The Theology of Song

"We Anglicans, like many other Christians, learn a fair amount of our theology through the hymns we sing"

~ N. T. Wright in For all the Saints? Remembering the Christian Departed (Continuum 2003) page xiv

This is the true reason for the deposition of the Book of Psalms, Hymns and Spiritual Songs in the Holy Scriptures from its pre-eminent position as the appointed music of the Church. Their theology does not suit our theology. The Rev. William Romaine stood against the tide in his own generation, when the pragmatist said that the hymns of Charles Wesley were necessary because people were so ignorant of any knowledge of God.

The nature of the worth we proclaim moulds us. If we praise God's tolerance at expense of his justice and if we praise God's love in the absence of his mercy, then we sing from a different hymn-sheet. This does not mean that Christians cannot write good songs. But they are not fit for God's worship. Our theology is too poor and the Lord God knew it in giving us songs for his worship. He leads us as children. If we stand on the table and pronounce that we are tall enough to look grown up and can now write songs for ourselves, we only show how childish we still are.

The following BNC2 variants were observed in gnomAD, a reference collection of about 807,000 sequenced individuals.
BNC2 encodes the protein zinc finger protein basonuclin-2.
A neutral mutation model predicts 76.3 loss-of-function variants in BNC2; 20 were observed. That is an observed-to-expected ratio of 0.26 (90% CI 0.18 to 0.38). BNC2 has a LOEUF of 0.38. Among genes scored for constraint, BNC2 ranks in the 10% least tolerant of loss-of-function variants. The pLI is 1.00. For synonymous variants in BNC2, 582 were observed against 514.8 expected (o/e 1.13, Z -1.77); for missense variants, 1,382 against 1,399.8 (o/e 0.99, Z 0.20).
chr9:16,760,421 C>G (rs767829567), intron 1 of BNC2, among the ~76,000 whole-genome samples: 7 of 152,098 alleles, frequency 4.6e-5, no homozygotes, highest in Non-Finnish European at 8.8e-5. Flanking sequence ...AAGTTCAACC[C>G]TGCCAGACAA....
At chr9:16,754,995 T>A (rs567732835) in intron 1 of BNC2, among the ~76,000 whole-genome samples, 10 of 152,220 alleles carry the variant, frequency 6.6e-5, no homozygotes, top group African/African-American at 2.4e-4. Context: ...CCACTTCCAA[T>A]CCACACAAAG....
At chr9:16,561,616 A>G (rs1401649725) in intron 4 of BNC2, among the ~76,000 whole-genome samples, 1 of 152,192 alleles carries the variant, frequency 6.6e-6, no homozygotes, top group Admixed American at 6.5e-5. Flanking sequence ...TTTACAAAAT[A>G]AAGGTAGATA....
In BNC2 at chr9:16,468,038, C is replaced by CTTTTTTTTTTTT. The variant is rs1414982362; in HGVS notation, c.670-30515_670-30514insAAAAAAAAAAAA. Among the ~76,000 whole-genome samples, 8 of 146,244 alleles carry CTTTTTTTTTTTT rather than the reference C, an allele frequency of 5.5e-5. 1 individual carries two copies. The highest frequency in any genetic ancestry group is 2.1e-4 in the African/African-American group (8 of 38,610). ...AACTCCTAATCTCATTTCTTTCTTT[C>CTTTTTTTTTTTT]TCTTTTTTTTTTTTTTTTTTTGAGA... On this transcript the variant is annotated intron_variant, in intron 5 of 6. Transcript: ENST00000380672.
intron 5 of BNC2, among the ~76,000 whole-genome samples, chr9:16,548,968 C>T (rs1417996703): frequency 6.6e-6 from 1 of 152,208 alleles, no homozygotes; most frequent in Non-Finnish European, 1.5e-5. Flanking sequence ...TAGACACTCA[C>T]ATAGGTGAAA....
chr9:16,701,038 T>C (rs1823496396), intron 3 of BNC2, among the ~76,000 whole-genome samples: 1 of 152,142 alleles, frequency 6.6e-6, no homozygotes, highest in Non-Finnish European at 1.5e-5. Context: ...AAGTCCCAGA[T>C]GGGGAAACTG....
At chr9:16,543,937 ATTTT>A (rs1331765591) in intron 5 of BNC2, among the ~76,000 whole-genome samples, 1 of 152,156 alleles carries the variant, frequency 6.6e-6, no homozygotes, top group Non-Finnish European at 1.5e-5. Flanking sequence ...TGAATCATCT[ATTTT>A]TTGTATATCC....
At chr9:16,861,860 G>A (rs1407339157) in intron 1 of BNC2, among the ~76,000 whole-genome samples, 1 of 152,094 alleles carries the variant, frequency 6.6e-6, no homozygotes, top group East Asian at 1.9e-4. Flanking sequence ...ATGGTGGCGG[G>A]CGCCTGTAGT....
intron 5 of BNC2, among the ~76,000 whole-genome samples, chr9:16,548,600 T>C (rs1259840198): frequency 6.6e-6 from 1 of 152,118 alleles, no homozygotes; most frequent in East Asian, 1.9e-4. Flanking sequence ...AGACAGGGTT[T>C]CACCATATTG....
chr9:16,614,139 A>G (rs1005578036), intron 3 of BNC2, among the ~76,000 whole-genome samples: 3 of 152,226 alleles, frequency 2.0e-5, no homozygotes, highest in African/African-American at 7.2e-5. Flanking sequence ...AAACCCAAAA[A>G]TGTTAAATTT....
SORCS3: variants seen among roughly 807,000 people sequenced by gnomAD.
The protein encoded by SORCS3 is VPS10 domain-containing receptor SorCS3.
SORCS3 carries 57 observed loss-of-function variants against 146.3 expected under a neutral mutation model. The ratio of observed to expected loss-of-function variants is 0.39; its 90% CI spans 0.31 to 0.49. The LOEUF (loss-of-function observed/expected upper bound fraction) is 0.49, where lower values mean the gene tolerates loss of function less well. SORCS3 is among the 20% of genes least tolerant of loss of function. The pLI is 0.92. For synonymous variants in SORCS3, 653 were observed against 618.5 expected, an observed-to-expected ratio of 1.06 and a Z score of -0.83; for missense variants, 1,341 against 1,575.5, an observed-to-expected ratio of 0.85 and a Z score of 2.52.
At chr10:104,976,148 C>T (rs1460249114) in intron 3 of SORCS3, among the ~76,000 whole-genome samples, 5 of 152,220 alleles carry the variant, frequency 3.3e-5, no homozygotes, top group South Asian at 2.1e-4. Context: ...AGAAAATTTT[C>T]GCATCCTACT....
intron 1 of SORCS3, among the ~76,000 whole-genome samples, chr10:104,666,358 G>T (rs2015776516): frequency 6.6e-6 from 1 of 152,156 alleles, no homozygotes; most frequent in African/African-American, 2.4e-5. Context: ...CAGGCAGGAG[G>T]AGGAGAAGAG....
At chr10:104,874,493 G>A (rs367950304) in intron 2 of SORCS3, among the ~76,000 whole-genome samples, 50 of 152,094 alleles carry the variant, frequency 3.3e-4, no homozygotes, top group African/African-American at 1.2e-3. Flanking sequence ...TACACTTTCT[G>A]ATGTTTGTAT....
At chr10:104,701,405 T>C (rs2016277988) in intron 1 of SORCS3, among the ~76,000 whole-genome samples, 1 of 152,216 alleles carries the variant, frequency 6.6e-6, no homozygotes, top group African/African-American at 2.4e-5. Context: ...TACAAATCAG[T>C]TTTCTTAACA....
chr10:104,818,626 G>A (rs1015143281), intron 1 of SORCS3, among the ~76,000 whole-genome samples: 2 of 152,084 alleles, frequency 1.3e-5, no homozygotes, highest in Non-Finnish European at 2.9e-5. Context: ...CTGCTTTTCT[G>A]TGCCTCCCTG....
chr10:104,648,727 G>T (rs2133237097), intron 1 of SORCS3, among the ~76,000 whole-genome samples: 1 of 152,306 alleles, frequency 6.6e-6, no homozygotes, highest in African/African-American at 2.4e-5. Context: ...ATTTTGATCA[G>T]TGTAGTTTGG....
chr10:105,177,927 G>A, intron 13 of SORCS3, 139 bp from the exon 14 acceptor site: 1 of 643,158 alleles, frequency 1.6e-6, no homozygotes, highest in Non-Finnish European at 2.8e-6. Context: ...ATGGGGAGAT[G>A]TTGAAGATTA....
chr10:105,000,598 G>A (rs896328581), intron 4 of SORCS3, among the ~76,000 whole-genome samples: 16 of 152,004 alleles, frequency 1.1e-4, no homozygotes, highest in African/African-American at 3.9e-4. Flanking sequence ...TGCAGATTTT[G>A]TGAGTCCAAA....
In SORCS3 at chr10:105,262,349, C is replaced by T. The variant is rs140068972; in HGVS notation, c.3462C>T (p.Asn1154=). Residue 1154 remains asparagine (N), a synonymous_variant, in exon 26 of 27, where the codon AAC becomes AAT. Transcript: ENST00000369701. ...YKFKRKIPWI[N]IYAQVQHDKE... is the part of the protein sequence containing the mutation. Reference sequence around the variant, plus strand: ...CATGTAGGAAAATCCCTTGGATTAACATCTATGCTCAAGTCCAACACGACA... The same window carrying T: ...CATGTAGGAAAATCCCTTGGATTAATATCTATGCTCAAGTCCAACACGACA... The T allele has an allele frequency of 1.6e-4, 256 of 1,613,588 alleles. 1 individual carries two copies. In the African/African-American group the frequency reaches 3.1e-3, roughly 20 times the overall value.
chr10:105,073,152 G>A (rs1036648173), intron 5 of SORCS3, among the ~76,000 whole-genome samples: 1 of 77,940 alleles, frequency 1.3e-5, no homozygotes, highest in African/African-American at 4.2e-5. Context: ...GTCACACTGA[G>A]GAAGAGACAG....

Whatever happened to Reformed worship?

Tim Challies is highlighting a free to download recording of The Church's One Foundation.

His introduction spells out how important hymns are to the Church, and especially as a means of teaching. He selects Exodus 15 as an example of this latter point, which is curious. The songs of Scripture, namely the Psalms, are designed (according to the Holy Scriptures) to record, thank and praise (see Rev. Romaine's Hymns Most Perfect for more information). They are not designed to teach. That might be a side effect, but it is not the purpose of songs. The song in Exodus 15 records, thanks and offers praise. It is a proclamation relating to the specific experiences of the Children of Israel - not a homeschooling sing-song to let the kids know what is going on and why.

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